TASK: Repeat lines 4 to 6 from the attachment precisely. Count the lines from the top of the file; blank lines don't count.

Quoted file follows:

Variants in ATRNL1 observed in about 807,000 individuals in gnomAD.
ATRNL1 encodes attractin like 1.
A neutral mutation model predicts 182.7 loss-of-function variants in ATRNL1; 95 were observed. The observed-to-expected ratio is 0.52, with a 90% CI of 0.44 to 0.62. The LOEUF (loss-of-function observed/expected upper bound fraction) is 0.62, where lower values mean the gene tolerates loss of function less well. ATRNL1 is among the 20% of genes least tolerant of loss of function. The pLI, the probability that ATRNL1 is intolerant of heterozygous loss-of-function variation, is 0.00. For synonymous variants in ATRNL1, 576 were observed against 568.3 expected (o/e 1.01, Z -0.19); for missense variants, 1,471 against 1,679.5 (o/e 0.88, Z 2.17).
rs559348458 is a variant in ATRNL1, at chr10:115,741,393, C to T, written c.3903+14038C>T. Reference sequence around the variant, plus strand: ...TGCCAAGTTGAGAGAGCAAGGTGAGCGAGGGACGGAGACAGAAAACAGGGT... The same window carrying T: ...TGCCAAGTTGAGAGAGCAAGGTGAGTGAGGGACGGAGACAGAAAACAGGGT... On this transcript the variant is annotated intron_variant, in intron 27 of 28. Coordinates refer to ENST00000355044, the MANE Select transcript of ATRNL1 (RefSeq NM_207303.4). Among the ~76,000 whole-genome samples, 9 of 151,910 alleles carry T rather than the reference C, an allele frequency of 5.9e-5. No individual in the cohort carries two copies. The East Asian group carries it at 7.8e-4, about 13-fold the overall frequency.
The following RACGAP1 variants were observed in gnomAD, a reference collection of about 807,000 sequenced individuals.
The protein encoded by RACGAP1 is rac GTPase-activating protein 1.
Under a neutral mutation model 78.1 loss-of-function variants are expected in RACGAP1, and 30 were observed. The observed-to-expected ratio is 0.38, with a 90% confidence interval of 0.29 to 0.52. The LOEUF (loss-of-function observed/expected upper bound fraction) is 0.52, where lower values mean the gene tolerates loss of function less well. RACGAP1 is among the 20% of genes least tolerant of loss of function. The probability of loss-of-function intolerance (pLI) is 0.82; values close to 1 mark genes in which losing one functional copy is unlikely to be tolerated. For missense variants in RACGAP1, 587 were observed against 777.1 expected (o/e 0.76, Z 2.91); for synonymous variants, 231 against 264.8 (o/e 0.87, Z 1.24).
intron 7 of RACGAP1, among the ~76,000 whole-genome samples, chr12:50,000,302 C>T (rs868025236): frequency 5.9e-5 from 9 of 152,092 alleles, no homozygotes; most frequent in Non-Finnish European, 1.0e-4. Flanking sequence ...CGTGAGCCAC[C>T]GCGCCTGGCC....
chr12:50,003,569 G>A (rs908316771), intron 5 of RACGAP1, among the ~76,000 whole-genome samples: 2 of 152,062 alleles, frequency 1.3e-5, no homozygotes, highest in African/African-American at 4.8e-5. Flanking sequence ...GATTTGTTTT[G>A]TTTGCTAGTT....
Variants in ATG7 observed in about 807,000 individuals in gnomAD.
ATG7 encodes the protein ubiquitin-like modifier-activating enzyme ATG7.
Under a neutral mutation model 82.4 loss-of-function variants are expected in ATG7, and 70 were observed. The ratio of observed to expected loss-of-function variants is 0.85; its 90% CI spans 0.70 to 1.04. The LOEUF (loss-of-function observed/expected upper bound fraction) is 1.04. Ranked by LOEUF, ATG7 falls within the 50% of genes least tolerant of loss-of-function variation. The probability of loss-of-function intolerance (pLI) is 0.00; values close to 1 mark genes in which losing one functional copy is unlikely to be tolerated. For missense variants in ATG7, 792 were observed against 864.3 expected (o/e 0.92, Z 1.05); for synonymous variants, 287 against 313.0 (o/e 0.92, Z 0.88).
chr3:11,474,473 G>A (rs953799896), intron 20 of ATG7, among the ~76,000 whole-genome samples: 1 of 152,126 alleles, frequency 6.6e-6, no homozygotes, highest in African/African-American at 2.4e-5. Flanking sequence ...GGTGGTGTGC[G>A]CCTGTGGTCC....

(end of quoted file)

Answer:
rs559348458 is a variant in ATRNL1, at chr10:115,741,393, C to T, written c.3903+14038C>T. Reference sequence around the variant, plus strand: ...TGCCAAGTTGAGAGAGCAAGGTGAGCGAGGGACGGAGACAGAAAACAGGGT... The same window carrying T: ...TGCCAAGTTGAGAGAGCAAGGTGAGTGAGGGACGGAGACAGAAAACAGGGT... On this transcript the variant is annotated intron_variant, in intron 27 of 28. Coordinates refer to ENST00000355044, the MANE Select transcript of ATRNL1 (RefSeq NM_207303.4). Among the ~76,000 whole-genome samples, 9 of 151,910 alleles carry T rather than the reference C, an allele frequency of 5.9e-5. No individual in the cohort carries two copies. The East Asian group carries it at 7.8e-4, about 13-fold the overall frequency.
The following RACGAP1 variants were observed in gnomAD, a reference collection of about 807,000 sequenced individuals.
The protein encoded by RACGAP1 is rac GTPase-activating protein 1.